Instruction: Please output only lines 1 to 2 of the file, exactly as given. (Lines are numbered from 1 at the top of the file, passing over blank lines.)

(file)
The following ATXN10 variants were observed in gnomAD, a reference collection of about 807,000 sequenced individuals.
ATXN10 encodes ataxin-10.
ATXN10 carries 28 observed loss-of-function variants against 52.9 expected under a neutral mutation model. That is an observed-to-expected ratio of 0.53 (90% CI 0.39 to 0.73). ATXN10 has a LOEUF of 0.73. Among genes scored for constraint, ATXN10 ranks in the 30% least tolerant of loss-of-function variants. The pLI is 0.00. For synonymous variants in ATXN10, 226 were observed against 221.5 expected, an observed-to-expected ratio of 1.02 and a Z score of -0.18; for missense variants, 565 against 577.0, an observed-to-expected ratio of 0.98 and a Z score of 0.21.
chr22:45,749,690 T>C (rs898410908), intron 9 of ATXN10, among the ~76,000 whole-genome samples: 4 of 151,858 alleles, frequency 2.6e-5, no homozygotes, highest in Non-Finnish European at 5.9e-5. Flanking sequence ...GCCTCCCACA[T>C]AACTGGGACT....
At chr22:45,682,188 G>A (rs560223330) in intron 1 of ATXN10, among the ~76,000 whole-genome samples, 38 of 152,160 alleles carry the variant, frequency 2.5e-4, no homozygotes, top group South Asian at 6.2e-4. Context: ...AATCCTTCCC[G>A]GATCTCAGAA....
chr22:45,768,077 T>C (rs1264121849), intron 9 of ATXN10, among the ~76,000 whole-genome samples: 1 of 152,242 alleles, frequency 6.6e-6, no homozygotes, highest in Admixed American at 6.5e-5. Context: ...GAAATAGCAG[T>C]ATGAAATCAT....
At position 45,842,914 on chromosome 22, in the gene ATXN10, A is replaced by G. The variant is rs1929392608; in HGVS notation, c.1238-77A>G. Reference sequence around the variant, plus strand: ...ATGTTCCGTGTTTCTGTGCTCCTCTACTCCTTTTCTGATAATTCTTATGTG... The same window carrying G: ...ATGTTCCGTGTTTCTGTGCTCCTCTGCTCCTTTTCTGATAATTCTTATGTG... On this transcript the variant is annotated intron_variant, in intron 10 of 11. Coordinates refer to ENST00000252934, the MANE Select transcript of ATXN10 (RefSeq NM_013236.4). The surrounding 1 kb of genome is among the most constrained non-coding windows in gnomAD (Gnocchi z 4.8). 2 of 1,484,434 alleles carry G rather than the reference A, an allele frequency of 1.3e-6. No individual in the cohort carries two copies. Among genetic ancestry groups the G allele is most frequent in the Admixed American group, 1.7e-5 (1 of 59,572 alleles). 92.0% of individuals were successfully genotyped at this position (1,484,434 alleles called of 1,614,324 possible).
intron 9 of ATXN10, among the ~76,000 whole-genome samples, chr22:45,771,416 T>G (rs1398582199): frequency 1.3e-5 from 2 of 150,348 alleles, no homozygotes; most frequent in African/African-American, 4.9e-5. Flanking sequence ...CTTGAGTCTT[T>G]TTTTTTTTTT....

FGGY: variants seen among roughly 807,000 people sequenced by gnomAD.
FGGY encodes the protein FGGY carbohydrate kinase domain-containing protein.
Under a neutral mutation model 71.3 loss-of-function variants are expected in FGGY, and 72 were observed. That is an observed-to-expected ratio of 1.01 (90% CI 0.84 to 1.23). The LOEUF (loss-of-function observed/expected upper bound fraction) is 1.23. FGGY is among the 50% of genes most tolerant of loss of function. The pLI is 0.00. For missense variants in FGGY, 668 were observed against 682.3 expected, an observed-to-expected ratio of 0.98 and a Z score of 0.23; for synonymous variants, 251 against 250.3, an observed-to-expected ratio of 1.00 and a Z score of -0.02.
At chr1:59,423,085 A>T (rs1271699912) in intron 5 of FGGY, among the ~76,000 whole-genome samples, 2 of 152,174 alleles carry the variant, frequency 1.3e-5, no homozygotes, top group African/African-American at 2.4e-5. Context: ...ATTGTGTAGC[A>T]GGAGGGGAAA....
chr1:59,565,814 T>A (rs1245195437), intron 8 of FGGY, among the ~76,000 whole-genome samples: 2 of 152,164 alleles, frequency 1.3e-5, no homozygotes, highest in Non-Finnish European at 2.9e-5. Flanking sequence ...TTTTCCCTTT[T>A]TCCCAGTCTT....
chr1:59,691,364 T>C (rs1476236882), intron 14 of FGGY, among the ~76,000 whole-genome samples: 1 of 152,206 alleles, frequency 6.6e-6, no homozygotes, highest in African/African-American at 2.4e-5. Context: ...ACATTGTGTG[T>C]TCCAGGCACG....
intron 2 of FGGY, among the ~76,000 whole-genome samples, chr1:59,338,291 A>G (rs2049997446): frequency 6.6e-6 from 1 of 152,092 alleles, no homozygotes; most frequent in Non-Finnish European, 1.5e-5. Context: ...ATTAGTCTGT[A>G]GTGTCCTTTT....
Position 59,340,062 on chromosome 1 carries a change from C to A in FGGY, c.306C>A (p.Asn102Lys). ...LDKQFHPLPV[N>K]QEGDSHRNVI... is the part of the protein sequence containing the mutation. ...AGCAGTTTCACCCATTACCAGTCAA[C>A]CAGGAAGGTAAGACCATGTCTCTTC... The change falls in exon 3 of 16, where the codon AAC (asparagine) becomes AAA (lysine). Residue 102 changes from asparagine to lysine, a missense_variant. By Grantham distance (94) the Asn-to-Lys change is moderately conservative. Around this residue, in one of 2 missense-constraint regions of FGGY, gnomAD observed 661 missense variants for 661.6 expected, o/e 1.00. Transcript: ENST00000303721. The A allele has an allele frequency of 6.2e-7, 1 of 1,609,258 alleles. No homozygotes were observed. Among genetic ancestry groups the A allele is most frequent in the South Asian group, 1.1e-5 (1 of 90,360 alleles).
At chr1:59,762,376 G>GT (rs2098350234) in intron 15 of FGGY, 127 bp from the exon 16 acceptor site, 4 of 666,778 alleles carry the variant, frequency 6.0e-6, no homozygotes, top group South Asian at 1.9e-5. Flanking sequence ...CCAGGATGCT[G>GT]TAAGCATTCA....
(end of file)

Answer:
The following ATXN10 variants were observed in gnomAD, a reference collection of about 807,000 sequenced individuals.
ATXN10 encodes ataxin-10.